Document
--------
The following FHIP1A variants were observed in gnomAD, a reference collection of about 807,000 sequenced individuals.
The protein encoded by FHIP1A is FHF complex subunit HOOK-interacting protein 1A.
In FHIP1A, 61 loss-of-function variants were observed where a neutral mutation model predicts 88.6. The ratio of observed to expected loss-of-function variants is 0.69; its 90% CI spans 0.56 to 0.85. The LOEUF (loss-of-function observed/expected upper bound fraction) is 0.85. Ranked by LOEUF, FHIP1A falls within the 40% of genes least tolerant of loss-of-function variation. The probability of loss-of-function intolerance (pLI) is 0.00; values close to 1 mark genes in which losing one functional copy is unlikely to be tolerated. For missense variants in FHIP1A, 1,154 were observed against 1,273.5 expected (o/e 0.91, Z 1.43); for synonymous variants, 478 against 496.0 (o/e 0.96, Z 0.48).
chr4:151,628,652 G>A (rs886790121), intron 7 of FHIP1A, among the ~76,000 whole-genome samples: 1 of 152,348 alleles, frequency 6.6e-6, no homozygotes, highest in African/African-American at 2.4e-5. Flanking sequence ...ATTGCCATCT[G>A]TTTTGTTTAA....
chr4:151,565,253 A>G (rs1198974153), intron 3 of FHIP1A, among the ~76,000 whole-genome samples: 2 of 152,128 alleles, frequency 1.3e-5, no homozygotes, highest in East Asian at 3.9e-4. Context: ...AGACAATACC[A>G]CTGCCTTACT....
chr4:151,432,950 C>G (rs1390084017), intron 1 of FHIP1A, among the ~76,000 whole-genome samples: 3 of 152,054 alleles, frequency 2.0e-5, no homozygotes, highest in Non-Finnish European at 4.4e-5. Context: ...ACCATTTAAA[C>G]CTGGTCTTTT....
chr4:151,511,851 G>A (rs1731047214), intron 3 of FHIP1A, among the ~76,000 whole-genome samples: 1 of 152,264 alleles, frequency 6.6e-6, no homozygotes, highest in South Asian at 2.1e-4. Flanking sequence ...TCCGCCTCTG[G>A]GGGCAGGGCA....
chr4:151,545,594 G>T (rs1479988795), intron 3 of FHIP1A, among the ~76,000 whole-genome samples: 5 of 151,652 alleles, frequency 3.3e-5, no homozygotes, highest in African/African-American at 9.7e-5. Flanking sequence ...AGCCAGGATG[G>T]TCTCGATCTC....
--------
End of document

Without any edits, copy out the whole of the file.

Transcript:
The following FHIP1A variants were observed in gnomAD, a reference collection of about 807,000 sequenced individuals.
The protein encoded by FHIP1A is FHF complex subunit HOOK-interacting protein 1A.
In FHIP1A, 61 loss-of-function variants were observed where a neutral mutation model predicts 88.6. The ratio of observed to expected loss-of-function variants is 0.69; its 90% CI spans 0.56 to 0.85. The LOEUF (loss-of-function observed/expected upper bound fraction) is 0.85. Ranked by LOEUF, FHIP1A falls within the 40% of genes least tolerant of loss-of-function variation. The probability of loss-of-function intolerance (pLI) is 0.00; values close to 1 mark genes in which losing one functional copy is unlikely to be tolerated. For missense variants in FHIP1A, 1,154 were observed against 1,273.5 expected (o/e 0.91, Z 1.43); for synonymous variants, 478 against 496.0 (o/e 0.96, Z 0.48).
chr4:151,628,652 G>A (rs886790121), intron 7 of FHIP1A, among the ~76,000 whole-genome samples: 1 of 152,348 alleles, frequency 6.6e-6, no homozygotes, highest in African/African-American at 2.4e-5. Flanking sequence ...ATTGCCATCT[G>A]TTTTGTTTAA....
chr4:151,565,253 A>G (rs1198974153), intron 3 of FHIP1A, among the ~76,000 whole-genome samples: 2 of 152,128 alleles, frequency 1.3e-5, no homozygotes, highest in East Asian at 3.9e-4. Context: ...AGACAATACC[A>G]CTGCCTTACT....
chr4:151,432,950 C>G (rs1390084017), intron 1 of FHIP1A, among the ~76,000 whole-genome samples: 3 of 152,054 alleles, frequency 2.0e-5, no homozygotes, highest in Non-Finnish European at 4.4e-5. Context: ...ACCATTTAAA[C>G]CTGGTCTTTT....
chr4:151,511,851 G>A (rs1731047214), intron 3 of FHIP1A, among the ~76,000 whole-genome samples: 1 of 152,264 alleles, frequency 6.6e-6, no homozygotes, highest in South Asian at 2.1e-4. Flanking sequence ...TCCGCCTCTG[G>A]GGGCAGGGCA....
chr4:151,545,594 G>T (rs1479988795), intron 3 of FHIP1A, among the ~76,000 whole-genome samples: 5 of 151,652 alleles, frequency 3.3e-5, no homozygotes, highest in African/African-American at 9.7e-5. Flanking sequence ...AGCCAGGATG[G>T]TCTCGATCTC....